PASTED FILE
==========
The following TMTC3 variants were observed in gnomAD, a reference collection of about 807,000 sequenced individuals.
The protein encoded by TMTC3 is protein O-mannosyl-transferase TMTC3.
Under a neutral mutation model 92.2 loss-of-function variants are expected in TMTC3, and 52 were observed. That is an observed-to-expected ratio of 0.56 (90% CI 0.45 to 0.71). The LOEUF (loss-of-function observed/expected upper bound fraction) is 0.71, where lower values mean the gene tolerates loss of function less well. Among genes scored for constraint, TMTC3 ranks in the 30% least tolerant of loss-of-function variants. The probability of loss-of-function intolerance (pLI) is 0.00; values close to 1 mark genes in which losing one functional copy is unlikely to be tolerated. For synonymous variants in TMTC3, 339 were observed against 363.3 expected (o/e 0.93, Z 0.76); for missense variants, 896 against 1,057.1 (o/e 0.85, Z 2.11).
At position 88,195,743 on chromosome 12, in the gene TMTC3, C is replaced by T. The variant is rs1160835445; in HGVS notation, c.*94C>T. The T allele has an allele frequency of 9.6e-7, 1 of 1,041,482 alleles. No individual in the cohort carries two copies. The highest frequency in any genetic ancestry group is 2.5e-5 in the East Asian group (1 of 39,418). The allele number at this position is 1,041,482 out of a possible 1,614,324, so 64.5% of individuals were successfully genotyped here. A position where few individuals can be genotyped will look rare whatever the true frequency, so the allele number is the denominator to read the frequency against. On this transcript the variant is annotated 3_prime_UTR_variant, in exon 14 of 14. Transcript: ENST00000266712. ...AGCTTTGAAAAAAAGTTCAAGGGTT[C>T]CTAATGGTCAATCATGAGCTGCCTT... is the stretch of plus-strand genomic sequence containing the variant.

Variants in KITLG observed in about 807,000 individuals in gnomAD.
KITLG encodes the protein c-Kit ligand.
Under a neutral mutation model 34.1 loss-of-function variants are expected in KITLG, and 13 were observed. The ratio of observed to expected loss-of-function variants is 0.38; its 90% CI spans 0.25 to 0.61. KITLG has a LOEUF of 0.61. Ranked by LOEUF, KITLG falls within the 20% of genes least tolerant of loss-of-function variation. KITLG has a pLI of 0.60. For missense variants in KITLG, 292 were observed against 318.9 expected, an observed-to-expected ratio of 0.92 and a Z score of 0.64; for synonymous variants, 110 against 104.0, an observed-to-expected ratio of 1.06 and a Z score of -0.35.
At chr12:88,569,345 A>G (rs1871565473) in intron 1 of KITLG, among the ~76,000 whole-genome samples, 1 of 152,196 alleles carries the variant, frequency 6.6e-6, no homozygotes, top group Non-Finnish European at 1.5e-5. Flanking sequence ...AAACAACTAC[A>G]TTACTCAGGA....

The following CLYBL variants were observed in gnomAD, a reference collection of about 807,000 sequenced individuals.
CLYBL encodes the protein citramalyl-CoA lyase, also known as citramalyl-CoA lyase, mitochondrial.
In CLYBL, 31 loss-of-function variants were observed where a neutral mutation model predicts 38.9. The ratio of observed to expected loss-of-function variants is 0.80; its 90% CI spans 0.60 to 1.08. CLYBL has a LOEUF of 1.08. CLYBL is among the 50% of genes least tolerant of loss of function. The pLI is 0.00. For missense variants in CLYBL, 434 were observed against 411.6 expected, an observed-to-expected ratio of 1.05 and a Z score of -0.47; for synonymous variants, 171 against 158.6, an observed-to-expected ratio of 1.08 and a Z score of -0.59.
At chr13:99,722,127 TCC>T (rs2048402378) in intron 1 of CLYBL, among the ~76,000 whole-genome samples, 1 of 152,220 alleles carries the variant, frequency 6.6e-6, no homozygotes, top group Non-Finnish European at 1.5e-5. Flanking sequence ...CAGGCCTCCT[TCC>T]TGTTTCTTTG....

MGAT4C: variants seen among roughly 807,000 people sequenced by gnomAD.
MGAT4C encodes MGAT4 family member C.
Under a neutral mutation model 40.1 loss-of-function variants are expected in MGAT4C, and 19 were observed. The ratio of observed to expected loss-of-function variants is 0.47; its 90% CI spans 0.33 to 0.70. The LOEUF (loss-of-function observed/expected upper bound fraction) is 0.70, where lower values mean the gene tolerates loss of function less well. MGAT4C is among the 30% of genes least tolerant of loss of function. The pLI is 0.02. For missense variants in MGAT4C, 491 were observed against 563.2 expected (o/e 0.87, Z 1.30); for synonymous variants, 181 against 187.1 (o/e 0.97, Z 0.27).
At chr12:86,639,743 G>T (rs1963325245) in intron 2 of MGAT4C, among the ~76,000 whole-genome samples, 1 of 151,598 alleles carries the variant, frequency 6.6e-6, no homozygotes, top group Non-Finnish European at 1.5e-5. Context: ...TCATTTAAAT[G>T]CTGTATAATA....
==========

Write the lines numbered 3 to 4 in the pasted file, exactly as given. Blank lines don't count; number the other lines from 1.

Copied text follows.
Under a neutral mutation model 92.2 loss-of-function variants are expected in TMTC3, and 52 were observed. That is an observed-to-expected ratio of 0.56 (90% CI 0.45 to 0.71). The LOEUF (loss-of-function observed/expected upper bound fraction) is 0.71, where lower values mean the gene tolerates loss of function less well. Among genes scored for constraint, TMTC3 ranks in the 30% least tolerant of loss-of-function variants. The probability of loss-of-function intolerance (pLI) is 0.00; values close to 1 mark genes in which losing one functional copy is unlikely to be tolerated. For synonymous variants in TMTC3, 339 were observed against 363.3 expected (o/e 0.93, Z 0.76); for missense variants, 896 against 1,057.1 (o/e 0.85, Z 2.11).
At position 88,195,743 on chromosome 12, in the gene TMTC3, C is replaced by T. The variant is rs1160835445; in HGVS notation, c.*94C>T. The T allele has an allele frequency of 9.6e-7, 1 of 1,041,482 alleles. No individual in the cohort carries two copies. The highest frequency in any genetic ancestry group is 2.5e-5 in the East Asian group (1 of 39,418). The allele number at this position is 1,041,482 out of a possible 1,614,324, so 64.5% of individuals were successfully genotyped here. A position where few individuals can be genotyped will look rare whatever the true frequency, so the allele number is the denominator to read the frequency against. On this transcript the variant is annotated 3_prime_UTR_variant, in exon 14 of 14. Transcript: ENST00000266712. ...AGCTTTGAAAAAAAGTTCAAGGGTT[C>T]CTAATGGTCAATCATGAGCTGCCTT... is the stretch of plus-strand genomic sequence containing the variant.